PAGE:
A Taste of Nested Classes, intermission

(Continues from part 3).

This post is an intermission because it’s not specifically about nested classes. In fact, it’s not about anything that really exists in Newspeak. Instead, it reviews a few hypothetical examples to show off some of the expressive capabilities of implicit receiver sends.

Most expressions in Newspeak begin with an implicit receiver send, at least conceptually. In something like

foo size

or

OrderedCollection new

both foo and OrderedCollection really are message sends, for some definition of “really”.

Of course, in some cases we can’t do without real receivers. There are literals, as well as traditional pseudo-variables (“reserved words”), whose interpretation should be hard-coded into the language.

Or should it be?

Starting with literals, imagine that every occurrence of a literal is compiled as an implicit receiver send identifying the type of the literal, with the “primitive” value of the literal as the argument. For example,

'Hello, brave new world!'

would really mean

(literalString: 'Hello, brave new world!')

with literalString: implemented in Object as

literalString: primitiveValue <String> = (
    ^primitiveValue
)

At this point this is only a possibility, but one that is explicitly mentioned in the language spec (5.1). If implemented, this would allow user code to redefine the interpretation of what appears to be literals for greater flexibility when implementing internal DSLs.

As for pseudo-variables, consider this implementation of the class Object:

class Object = (
    ...

    self = (
        "empty - return the receiver"
    )

    true = (
        ^True soleInstance
    )

    false = (
        ^False soleInstance
    )

    nil = (
        ^UndefinedObject soleInstance
    )

    thisContext = (
        ^ActivationMirror forSenderContext
    )
)

With this, most of the reserved words of Smalltalk become regular messages. The expression

^self foo: nil

now really means

^σ self foo: σ nil

with σ denoting a reference to (usually!) the receiver unrepresentable in the language syntax. We use the fact that an empty method effectively reads as

to grab that elusive σ in the self method.

super is more complicated because it doesn’t denote a separate object but rather self with a special mode of message lookup. However, even that can be lifted from language magic into a reflective implementation at the library level:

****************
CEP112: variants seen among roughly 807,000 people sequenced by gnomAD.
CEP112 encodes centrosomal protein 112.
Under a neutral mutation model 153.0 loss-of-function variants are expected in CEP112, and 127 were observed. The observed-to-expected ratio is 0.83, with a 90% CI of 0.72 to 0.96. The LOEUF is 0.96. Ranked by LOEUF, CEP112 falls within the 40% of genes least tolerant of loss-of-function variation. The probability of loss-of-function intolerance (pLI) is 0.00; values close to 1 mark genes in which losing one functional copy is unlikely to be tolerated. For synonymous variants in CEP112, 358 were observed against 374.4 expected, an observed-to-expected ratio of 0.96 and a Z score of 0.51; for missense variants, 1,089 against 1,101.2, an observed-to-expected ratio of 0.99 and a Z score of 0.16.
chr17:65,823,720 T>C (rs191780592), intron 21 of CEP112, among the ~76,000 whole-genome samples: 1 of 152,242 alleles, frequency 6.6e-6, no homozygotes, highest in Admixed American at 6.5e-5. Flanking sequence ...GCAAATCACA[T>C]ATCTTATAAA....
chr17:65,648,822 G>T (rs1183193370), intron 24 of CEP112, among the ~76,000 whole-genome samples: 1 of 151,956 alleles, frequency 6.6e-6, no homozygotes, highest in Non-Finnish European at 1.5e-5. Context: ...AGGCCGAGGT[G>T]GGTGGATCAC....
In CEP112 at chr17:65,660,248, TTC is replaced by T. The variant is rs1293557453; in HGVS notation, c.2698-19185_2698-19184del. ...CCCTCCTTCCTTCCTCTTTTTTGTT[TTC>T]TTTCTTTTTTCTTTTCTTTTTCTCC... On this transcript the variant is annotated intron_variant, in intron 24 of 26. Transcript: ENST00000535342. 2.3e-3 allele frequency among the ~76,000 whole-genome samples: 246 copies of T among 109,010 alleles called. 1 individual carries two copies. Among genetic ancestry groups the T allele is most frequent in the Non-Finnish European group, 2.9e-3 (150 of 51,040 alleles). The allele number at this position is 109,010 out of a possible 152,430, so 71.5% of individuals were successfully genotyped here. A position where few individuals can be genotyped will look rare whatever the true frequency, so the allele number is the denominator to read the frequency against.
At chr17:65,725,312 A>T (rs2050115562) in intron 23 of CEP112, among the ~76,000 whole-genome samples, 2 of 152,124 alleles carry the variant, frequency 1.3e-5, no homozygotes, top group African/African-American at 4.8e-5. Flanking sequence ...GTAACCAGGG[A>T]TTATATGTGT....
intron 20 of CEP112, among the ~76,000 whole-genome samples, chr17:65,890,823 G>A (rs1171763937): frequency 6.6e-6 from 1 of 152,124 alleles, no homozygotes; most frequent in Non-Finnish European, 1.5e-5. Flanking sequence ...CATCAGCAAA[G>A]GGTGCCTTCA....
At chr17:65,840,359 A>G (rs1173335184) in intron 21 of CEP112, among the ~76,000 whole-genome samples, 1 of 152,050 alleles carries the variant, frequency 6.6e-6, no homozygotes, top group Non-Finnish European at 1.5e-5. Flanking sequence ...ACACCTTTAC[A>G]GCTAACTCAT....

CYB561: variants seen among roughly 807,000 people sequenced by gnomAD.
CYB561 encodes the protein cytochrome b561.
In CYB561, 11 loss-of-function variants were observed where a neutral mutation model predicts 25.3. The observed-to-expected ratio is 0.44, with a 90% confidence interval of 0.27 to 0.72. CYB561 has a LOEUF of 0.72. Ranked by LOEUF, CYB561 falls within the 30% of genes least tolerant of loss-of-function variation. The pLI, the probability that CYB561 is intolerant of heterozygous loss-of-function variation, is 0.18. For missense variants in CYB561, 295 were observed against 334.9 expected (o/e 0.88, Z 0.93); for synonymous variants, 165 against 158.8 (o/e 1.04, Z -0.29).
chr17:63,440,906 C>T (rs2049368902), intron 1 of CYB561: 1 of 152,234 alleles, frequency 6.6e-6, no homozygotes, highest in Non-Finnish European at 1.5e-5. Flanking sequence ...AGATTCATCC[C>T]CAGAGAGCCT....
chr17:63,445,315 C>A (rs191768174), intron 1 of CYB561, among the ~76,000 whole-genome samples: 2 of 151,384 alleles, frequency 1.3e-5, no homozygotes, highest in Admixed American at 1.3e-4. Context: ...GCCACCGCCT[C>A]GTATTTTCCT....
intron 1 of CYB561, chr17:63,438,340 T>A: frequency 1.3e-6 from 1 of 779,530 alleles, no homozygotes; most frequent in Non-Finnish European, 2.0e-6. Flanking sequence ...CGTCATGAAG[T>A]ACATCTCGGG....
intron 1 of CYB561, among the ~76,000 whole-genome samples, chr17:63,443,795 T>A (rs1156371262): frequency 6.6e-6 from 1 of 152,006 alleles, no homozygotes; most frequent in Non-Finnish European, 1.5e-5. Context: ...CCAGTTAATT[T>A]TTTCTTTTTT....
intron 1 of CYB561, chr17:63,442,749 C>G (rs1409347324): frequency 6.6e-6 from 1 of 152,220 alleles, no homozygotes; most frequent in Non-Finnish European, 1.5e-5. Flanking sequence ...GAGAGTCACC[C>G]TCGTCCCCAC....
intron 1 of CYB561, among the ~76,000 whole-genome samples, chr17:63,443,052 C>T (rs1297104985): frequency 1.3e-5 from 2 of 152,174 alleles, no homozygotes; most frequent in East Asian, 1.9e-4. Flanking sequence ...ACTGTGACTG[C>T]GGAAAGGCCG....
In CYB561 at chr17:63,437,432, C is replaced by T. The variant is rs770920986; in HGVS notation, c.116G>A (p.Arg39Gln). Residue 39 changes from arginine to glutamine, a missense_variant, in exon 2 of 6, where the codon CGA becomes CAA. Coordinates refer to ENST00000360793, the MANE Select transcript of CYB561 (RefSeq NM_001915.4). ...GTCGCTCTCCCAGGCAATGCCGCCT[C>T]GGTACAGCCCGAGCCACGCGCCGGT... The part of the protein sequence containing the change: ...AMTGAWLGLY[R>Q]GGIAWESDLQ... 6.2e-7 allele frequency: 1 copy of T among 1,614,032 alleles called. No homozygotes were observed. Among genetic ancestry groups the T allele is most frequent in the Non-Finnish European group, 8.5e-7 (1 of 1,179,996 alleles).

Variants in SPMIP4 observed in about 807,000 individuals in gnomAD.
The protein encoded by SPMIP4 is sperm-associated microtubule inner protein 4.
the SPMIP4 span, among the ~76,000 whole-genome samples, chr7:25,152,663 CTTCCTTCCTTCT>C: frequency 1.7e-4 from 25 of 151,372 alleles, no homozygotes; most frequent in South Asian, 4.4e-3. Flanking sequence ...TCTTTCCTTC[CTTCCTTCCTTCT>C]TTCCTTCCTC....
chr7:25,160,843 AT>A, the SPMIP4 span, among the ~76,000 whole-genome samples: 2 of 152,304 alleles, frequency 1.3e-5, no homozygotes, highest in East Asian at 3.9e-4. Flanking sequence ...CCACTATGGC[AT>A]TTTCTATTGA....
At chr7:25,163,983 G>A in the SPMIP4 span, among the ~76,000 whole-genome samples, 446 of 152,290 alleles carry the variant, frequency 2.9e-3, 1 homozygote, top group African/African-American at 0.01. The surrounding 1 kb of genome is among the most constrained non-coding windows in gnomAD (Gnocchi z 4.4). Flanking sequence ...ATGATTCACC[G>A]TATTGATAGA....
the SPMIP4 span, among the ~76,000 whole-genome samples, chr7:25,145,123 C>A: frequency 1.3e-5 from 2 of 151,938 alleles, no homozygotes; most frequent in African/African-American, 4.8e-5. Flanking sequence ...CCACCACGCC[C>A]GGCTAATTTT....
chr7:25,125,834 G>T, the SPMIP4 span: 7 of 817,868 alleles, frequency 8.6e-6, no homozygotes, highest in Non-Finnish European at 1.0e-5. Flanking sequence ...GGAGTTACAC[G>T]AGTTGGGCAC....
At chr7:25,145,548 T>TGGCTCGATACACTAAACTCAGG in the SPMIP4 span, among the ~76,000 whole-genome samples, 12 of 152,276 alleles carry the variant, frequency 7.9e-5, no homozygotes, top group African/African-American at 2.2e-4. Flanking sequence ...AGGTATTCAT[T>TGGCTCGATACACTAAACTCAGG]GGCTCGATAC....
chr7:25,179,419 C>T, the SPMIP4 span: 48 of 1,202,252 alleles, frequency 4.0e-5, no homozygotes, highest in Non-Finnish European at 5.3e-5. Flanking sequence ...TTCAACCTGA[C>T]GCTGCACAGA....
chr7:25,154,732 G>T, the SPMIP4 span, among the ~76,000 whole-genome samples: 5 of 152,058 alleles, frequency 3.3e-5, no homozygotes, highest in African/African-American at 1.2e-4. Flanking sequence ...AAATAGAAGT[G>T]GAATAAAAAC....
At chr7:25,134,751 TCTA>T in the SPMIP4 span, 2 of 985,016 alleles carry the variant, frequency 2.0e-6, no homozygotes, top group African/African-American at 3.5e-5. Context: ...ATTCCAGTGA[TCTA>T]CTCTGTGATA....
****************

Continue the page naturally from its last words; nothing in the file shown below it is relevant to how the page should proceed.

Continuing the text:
super = (
    ^SuperDispatcher forReceiver: self
)

with SuperDispatcher implementing doesNotUndestand: to reflectively look for the method implementing the message starting from the superclass of the implementor of the sender context’s method. (A mouthful, but that really is what it should do).

In a similar way, outer, the new reserved word of Newspeak not found in Smalltalk could be implemented as a message send handled by reflective code at the image level.

The last two examples, super and outer, are even more hypothetical than the other pseudo-variables. While technically possible, a reflective implementation of those is quite expensive compared to the usual “language magic” solution.

Also, this scheme in general leaves the meaning of things like self or nil open to changes by a class for all its subclasses and nested classes. Perhaps there is such a thing as too much flexibility. But even if these ideas are too much or too expensive for the core language, all of the same mechanisms are available to a designer of an internal DSL, and that’s what makes them interesting. For example, the “dispatcher receiver” pattern illustrated with super and outer was conceived in Hopscotch and used there to support NewtonScript-like object hierarchy-bound message dispatch.

(Continues in part 4).

One Response to “A Taste of Nested Classes, intermission”

  1. Jörg W Mittag says:

    Ola Bini’s new language Ioke (http://Ioke.Org/) implements literals similarly to the way you describe. Basically, literals are just syntactic sugar for message sends.

    For example, a literal list:

    [1, 2, 3]

    is actually syntactic sugar for

    [](1, 2, 3)

    (i.e. the message ‘[]‘ with three arguments)

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